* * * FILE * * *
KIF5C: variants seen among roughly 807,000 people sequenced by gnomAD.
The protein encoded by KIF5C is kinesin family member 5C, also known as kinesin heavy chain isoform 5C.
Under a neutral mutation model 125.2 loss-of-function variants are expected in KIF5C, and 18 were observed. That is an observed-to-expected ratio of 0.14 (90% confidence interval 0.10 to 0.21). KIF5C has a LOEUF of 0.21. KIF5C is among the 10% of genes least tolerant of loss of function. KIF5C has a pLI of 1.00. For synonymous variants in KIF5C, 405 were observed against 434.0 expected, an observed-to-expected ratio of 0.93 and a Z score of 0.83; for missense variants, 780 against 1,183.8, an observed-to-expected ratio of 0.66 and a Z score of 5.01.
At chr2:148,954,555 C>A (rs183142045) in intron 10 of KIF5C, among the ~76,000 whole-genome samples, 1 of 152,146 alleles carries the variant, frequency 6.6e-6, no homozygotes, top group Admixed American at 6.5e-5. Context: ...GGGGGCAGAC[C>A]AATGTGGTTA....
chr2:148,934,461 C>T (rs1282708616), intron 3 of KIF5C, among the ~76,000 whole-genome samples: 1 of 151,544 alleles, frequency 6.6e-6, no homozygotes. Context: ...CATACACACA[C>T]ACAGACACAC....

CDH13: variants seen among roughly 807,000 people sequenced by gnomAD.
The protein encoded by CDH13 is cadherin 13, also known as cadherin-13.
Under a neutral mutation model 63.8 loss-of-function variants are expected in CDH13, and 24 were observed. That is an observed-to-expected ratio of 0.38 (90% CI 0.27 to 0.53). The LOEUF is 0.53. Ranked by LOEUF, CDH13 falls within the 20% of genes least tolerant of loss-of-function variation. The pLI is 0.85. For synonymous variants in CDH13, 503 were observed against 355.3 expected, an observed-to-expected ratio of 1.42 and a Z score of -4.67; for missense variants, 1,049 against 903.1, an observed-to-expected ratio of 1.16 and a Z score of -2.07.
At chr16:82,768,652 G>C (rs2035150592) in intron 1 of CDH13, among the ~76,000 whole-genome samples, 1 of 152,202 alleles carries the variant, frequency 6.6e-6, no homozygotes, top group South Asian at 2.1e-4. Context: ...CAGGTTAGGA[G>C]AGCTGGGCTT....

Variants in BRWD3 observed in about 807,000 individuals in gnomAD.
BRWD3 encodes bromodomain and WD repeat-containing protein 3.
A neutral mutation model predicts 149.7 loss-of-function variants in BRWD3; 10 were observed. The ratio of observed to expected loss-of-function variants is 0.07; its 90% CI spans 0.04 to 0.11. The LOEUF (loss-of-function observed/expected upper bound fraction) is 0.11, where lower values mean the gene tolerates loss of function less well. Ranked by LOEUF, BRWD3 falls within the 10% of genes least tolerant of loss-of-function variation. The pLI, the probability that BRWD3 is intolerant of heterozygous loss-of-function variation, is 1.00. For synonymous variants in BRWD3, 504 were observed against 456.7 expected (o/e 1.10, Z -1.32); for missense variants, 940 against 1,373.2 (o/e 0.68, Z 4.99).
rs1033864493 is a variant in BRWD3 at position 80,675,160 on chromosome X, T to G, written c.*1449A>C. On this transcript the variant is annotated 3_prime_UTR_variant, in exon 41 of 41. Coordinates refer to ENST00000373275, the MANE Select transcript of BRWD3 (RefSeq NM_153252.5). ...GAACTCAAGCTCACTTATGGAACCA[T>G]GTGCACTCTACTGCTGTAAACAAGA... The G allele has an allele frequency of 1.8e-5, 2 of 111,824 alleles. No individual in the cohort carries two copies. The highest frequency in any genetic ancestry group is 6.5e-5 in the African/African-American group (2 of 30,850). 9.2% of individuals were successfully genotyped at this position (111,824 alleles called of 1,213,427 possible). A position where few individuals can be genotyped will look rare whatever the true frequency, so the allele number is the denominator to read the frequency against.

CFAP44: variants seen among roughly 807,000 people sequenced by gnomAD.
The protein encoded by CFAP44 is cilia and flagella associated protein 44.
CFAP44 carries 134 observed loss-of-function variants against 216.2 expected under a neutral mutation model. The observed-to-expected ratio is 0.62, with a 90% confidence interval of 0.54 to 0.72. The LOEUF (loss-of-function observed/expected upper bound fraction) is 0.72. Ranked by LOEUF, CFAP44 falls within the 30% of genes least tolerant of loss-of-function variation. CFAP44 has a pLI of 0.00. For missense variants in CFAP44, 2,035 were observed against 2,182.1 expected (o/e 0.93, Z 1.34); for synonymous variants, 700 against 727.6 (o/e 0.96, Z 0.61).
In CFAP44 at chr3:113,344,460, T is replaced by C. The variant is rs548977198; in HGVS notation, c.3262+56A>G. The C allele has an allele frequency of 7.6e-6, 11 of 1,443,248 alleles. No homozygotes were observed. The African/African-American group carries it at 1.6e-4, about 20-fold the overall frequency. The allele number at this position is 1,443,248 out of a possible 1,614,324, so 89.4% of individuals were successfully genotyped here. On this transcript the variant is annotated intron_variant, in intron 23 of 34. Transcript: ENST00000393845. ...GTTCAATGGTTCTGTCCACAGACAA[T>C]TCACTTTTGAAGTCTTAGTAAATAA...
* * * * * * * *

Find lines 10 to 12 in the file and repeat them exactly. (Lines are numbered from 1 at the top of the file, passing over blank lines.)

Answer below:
Variants in BRWD3 observed in about 807,000 individuals in gnomAD.
BRWD3 encodes bromodomain and WD repeat-containing protein 3.
A neutral mutation model predicts 149.7 loss-of-function variants in BRWD3; 10 were observed. The ratio of observed to expected loss-of-function variants is 0.07; its 90% CI spans 0.04 to 0.11. The LOEUF (loss-of-function observed/expected upper bound fraction) is 0.11, where lower values mean the gene tolerates loss of function less well. Ranked by LOEUF, BRWD3 falls within the 10% of genes least tolerant of loss-of-function variation. The pLI, the probability that BRWD3 is intolerant of heterozygous loss-of-function variation, is 1.00. For synonymous variants in BRWD3, 504 were observed against 456.7 expected (o/e 1.10, Z -1.32); for missense variants, 940 against 1,373.2 (o/e 0.68, Z 4.99).